How the nbn™ network works

The nbn™ network is a crucial piece of national infrastructure – but also a very complicated one. So here’s our easy-to-understand guide to how all the pieces of the jigsaw fit together and we deliver access to great broadband to Australians.

The nbn™ network is a crucial piece of national infrastructure – but also a very complicated one. So here’s our easy-to-understand guide to how all the pieces of the jigsaw fit together and we deliver access to great broadband to Australians.

Getting to the Point of Interconnection

A crucial part of the nbn™ network are the 121 Points of Interconnection (POIs) – typically located at telephone exchanges – which is where retailers such as Telstra, Optus and TPG plug their own network into the nbn™ network.

The networks that telecom retailers use to plug into the nbn™ network are called ‘backhaul’ networks.

Whilst some retailers have their own backhaul networks that plug into the nbn™ network POIs, other retailers have to lease backhaul capacity from other providers.

Backhaul is a crucial part of the delivery chain for services over the nbn™ network - if retailers cannot get all of its traffic to or from the POI properly, end-user speeds will be affected regardless of the technology end-users are on.

Buying enough megabits….or water

nbn generates revenues by selling capacity – what we call a Connectivity Virtual Circuit (CVC) - on the nbn™ network to retailers who then sell this on to end-users as part of a retail broadband package.

This might sound complicated but it’s really not.

Let’s say that nbn was selling water rather than data and a retailer had 100 end-users that it needed to supply water to.

It would be wasteful – and very expensive – for the retailer to buy 5,000 litres of water an hour in order to make sure that all 100 end-users could access 50 litres of water per hour at any time of the day or night.

Instead, it is more practical for the retailer to work out how much they need to buy so that they are not wasting water in the quiet usage period.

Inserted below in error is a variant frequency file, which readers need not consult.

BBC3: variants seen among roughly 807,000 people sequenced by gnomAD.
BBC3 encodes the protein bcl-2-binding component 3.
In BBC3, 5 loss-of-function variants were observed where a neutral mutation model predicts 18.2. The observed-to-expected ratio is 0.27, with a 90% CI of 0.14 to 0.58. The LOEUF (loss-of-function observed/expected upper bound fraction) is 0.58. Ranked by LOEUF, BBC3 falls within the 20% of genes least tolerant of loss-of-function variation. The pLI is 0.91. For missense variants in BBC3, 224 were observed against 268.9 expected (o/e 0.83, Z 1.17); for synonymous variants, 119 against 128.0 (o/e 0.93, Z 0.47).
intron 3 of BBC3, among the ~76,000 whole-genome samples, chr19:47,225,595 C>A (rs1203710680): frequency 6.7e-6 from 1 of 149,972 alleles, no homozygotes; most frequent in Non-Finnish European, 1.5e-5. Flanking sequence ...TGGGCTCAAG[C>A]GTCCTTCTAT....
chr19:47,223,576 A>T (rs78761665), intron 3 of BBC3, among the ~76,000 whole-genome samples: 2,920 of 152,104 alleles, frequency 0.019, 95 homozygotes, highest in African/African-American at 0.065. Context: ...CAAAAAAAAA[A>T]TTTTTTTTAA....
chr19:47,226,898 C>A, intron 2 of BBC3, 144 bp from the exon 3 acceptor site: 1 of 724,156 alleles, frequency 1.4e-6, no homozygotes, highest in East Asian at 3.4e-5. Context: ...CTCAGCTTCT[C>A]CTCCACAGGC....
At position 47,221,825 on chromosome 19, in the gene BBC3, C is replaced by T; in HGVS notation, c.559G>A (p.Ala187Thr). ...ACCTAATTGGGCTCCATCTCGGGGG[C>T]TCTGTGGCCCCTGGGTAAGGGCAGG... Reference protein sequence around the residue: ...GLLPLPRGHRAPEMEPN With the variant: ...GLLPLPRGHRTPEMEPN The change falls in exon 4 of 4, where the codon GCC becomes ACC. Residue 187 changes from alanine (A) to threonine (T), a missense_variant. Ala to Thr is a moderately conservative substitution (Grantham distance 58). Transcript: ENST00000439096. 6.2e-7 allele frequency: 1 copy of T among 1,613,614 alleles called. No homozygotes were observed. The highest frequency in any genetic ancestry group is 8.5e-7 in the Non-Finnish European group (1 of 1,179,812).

However, retailers also need to have enough water available to meet demand when everybody is taking their morning or evening shower.

If the retailer does not get their sums right and doesn’t have enough water flowing through the pipes to meet peak-usage, there will be a lot of people standing under a meagre dribble of water from their showers rather than the thundering torrent they were hoping for.

This is quite a lot like how the nbn™ network works as well.

It really doesn’t matter if an end-user has a Fixed-Broadband or Fixed-Wireless connection, if there are too many end-users competing for not quite enough bandwidth, then their experience on the nbn™ network will not be great.

From the POI to the neighbourhood….and back again

Once the data leaves the POI, it is travelling on the nbn™ network via our distribution fibre which is connected to our Fibre Distribution Hub (for FTTP), Cabinets (for FTTN), Nodes (for HFC) or Fixed-Wireless towers.

These distribution links will vary in how much capacity they have depending on the size of and demand in the area to be served.

For example, with FTTN Cabinets, which typically serve around 200 end-users, there is between 1-2Gbps of capacity in place and nbn continually monitors this to ensure there sufficient capacity in place.

If we do find our distribution links are getting busier they are upgraded well ahead of becoming congested. 

The road home

The final stretch of the network runs from the neighbourhood Hub/Cabinet/Node/Tower into the end-user premise via either fibre, copper, co-axial or wireless and then data travels from the end-user modem – usually via wi-fi – to any of the multiple devices that our end-users have connected to the nbn™ network.

So, that’s how the nbn™ network works, there are multiple players involved in making sure end-users have a great user experience.

Both nbn and our retailer partners are always looking to learn how we can deliver the best possible experience.

Your experience including the speeds actually achieved over the nbn™ network depends on the technology over which services are delivered to your premises and some factors outside our control like your equipment quality, software, broadband plans and how your service provider designs its network.

Watch: Key questions about nbn™ network answered